Increasing evidence suggests that the gastro-intestinal tract is the bridge between microbiota and the central nervous system. As a matter of fact, a growing body of clinical and experimental evidence suggests that gut microbiota may contribute to aging and influence brain disorders (3). For instance, a new connection between gut microbiota and Parkinson’s disease has been reported in humans. In mouse models, studies report a role for the microbiota in the modulation of stress-related behaviors relevant to psychiatric disorders as mentioned in one of our previous blogs (You can read that blog here http://www.thegutguys.com/myhealth/the-worried-gut-can-gut-bacteria-influence-our-mood).
Similarly, recent studies have showed marked differences in the gut bacteria composition between mice suffering from Alzheimer's and healthy mice (4). Researchers also studied Alzheimer’s disease in mice that completely lacked bacteria to further test the relationship between intestinal bacteria and the disease. The results showed that mice without bacteria had a significantly smaller amount of beta amyloid plaques in the brain (recall: Beta-amyloid plaques are the lumps that form at the nerve fibres in cases of Alzheimer's disease).
Furthermore, in order to clarify the link between intestinal bacteria and the occurrence of the disease, the researchers transferred intestinal bacteria from diseased mice to germ-free mice (meaning mice free of bacteria), and discovered that the mice developed more beta-amyloid plaques in the brain compared to if they had received bacteria from healthy mice (4). Overall, that’s all a very scientific way to say that a healthier gut appears to lead to both a lower incidence of Alzheimer’s and a less severe form of the disease when it does occur.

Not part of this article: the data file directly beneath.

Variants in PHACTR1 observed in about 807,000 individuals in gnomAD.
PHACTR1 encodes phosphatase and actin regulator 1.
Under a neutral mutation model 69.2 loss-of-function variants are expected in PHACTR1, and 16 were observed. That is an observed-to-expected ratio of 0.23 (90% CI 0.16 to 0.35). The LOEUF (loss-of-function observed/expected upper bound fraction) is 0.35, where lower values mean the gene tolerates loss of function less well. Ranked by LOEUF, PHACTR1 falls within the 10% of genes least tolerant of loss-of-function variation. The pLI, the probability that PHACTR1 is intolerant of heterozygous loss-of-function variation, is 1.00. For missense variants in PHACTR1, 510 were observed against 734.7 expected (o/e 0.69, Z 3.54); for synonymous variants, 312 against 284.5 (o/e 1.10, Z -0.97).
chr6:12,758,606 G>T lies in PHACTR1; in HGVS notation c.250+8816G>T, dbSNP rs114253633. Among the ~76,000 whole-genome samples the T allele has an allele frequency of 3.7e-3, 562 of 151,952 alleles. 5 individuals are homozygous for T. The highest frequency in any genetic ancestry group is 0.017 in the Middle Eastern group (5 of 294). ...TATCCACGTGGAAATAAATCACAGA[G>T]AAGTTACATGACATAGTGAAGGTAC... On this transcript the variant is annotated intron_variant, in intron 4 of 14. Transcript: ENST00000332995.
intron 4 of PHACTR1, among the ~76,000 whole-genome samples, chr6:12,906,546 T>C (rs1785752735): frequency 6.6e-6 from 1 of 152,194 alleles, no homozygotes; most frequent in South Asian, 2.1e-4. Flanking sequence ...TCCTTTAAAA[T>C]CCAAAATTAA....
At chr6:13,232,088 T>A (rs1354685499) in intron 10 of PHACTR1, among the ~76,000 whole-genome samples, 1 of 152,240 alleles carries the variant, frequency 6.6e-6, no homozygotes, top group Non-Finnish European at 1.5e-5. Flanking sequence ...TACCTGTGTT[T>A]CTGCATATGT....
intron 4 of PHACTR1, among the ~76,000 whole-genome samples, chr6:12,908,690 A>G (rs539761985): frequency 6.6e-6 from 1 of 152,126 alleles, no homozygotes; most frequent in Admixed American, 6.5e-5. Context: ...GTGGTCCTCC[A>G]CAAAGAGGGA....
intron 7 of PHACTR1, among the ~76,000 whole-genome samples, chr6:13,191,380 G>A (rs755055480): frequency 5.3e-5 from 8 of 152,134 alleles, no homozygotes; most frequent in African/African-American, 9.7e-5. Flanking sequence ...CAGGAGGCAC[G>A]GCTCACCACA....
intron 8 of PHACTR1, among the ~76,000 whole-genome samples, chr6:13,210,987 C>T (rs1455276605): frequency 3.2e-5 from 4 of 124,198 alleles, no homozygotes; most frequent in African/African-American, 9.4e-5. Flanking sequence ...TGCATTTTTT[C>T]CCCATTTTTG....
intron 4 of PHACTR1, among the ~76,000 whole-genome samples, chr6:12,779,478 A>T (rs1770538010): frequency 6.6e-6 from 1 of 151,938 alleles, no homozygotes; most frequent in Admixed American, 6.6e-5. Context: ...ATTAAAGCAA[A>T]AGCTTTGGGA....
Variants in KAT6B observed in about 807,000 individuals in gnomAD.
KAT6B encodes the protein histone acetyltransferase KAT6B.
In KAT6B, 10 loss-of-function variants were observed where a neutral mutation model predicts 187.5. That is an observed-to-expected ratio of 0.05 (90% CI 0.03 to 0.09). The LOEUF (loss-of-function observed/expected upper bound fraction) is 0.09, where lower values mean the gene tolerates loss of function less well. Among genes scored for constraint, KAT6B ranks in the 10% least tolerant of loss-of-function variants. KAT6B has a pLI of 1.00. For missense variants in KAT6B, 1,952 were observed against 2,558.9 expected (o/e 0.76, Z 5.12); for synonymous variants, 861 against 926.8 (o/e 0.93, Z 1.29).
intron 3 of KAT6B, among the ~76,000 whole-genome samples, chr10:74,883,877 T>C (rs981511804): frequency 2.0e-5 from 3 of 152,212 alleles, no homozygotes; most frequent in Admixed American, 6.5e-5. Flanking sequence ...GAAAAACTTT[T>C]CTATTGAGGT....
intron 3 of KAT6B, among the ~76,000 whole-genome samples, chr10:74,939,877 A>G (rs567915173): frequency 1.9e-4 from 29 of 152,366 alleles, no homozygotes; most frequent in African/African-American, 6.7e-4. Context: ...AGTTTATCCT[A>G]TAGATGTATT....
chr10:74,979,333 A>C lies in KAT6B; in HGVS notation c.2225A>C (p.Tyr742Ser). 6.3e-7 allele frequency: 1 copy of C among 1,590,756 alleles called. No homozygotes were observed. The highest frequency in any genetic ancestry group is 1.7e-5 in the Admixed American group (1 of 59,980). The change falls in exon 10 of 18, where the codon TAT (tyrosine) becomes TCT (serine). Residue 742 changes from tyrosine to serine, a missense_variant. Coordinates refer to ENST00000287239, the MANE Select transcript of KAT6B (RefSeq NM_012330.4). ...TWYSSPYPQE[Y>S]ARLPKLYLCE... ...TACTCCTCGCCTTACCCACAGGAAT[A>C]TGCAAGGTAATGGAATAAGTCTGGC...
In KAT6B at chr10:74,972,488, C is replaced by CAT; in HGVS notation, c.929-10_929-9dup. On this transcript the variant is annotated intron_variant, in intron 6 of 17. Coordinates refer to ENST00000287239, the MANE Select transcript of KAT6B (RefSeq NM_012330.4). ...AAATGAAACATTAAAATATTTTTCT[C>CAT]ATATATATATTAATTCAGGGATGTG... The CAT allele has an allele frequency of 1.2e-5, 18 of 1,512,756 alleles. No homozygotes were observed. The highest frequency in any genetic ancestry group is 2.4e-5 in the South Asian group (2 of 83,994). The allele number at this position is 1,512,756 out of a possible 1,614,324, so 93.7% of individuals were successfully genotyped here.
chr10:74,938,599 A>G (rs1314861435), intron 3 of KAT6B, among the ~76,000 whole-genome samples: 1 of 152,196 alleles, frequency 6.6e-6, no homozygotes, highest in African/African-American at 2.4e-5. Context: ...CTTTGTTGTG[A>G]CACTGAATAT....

These are very promising results and they have the potential for opening new area for the treatment and prevention of Alzheimer’s disease and ultimately other neurodegenerative disorders. In fact, researchers will continue to study the role of bacteria in the development of Alzheimer's disease, and test entirely new types of preventive and therapeutic strategies based on the modulation of the gut microbiota through diet and new types of probiotics.
1. Park, Laibaik, Ken Uekawa, Lidia Garcia-Bonilla, Kenzo Koizumi, Michelle Murphy, Rose Pitstick, Linda H. Younkin, Steven G. Younkin, Ping Zhou, Geroge A. Carlson, Josef Anrather, and Costantino Iadecola. "Brain Perivascular Macrophages Initiate the Neurovascular Dysfunction of Alzheimer AÎ² Peptides." Circulation Research (2017): n. pag.
2. Society, Alzheimer's. "Alzheimer's Disease." Alzheimer's Society. Alzheimer's Society, 11 Nov. 2016. Web.
3. O’Toole, P. W. & Jeffery, I. B. Gut microbiota and aging. Science 350, 1214–1215, (2015).
4. Harach, T., N. Marungruang, N. Duthilleul, V. Cheatham, K. D. Mc Coy, G. Frisoni, J. J. Neher, F. FÃ¥k, M. Jucker, T. Lasser, and T. Bolmont. "Reduction of Abeta Amyloid Pathology in APPPS1 Transgenic Mice in the Absence of Gut Microbiota." Scientific Reports 7 (2017): 41802.